King empowers next generation

Updated 01 May 2015

King empowers next generation

The Cabinet reshuffle announced by Custodian of the Two Holy Mosques King Salman on Wednesday has now started the process of passing the reins of the country’s government to the next generation, particularly the grandsons of the Kingdom’s founder. 
King Salman relieved Crown Prince Muqrin, deputy premier, of his position, at his request, and replaced him with Prince Mohammed bin Naif, who will retain the Interior Ministry portfolio and the chairmanship of the Council of Political and Security Affairs. This makes him the first grandson of the late King Abdulaziz to be named crown prince.
The royal decree also named another grandson, Prince Mohammed bin Salman, as the deputy crown prince and second deputy premier. He will retain the Defense Ministry portfolio and chairmanship of the Council of Economic and Development Affairs. 
In the royal decree, King Salman said that he had received a letter from Prince Muqrin outlining his desire to relinquish his position as crown prince. Praising Prince Muqrin, the king said he had agreed to the request.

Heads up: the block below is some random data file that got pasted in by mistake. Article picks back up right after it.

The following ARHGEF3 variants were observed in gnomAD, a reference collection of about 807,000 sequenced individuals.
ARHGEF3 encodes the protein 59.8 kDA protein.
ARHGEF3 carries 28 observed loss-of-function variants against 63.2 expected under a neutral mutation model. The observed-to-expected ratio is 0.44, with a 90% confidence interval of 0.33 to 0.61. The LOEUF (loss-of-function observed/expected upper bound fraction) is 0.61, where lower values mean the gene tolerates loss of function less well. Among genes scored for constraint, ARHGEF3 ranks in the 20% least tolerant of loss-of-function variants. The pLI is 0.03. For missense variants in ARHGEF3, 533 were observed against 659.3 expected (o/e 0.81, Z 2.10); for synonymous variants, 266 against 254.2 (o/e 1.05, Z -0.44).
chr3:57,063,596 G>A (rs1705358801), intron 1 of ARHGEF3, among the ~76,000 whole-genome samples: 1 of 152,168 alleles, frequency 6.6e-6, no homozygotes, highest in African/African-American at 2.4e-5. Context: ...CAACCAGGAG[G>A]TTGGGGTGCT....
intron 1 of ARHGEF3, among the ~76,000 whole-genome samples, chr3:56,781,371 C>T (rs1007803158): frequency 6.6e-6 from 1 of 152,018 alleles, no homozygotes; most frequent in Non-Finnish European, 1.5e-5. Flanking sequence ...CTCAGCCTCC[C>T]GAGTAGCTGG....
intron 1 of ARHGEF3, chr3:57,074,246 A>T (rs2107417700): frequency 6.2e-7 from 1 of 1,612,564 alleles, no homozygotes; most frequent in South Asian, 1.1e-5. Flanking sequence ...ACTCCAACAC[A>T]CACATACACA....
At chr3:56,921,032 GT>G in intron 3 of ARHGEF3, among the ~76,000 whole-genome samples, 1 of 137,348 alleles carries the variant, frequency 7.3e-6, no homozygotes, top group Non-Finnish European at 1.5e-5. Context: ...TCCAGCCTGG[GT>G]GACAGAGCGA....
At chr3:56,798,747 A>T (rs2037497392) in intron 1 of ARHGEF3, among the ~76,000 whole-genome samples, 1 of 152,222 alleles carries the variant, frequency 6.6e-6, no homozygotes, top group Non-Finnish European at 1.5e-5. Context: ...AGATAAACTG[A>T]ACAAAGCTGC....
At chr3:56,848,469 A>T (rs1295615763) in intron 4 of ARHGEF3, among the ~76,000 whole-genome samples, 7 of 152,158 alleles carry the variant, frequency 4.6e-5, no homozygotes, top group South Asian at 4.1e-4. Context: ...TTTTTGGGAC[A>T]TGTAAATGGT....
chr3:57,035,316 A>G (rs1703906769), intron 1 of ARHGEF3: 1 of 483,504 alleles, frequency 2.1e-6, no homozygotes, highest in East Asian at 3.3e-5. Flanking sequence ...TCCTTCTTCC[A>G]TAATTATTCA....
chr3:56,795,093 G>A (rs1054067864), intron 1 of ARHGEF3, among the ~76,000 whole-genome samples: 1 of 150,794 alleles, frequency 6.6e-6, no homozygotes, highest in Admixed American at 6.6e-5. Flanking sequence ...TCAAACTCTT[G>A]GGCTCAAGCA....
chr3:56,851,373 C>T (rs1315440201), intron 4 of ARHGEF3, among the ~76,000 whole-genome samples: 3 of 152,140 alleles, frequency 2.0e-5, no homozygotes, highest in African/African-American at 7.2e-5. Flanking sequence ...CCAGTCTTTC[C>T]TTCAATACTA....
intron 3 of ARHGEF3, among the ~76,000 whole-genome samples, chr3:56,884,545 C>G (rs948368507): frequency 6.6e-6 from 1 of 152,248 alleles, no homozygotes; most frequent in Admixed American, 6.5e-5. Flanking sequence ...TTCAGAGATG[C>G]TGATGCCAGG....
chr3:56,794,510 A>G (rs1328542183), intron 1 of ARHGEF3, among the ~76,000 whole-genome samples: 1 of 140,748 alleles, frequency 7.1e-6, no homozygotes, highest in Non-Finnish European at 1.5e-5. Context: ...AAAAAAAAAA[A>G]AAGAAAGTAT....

The king said the appointment of the deputy crown prince was taken in terms of the procedures established by the late King Abdullah, which prioritizes the state’s interests “above all other considerations.” 
He said Prince Mohammed bin Salman has shown everyone through his work that he has “great” abilities.
The decree stated that Prince Mohammed bin Salman has been able to perform his duties in an “optimal manner” and in accordance with Islamic law on transition of power. After taking charge on Wednesday, the new deputy crown prince met with the President of Eritrea Isaias Afwerki and had discussions on the two countries’ bilateral relations. 
The Kingdom also appointed a new foreign minister after almost 40 years. Approving the request from Prince Saud Al-Faisal, the longest-serving foreign minister in the world, King Salman relieved him of his responsibilities on health grounds, and appointed Adel Al-Jubeir, the Saudi ambassador to the United States, as the new minister.
However, Prince Saud will continue as a minister of state, Cabinet member, adviser and special envoy to the king, and supervisor of foreign affairs. The new Cabinet will also have a fulltime Health Minister Khalid Al-Falih, the head of Saudi Aramco. In addition, Mohammed Al-Jasser, minister of economy and planning, has been relieved of his position and appointed an adviser at the royal court at the rank of a minister.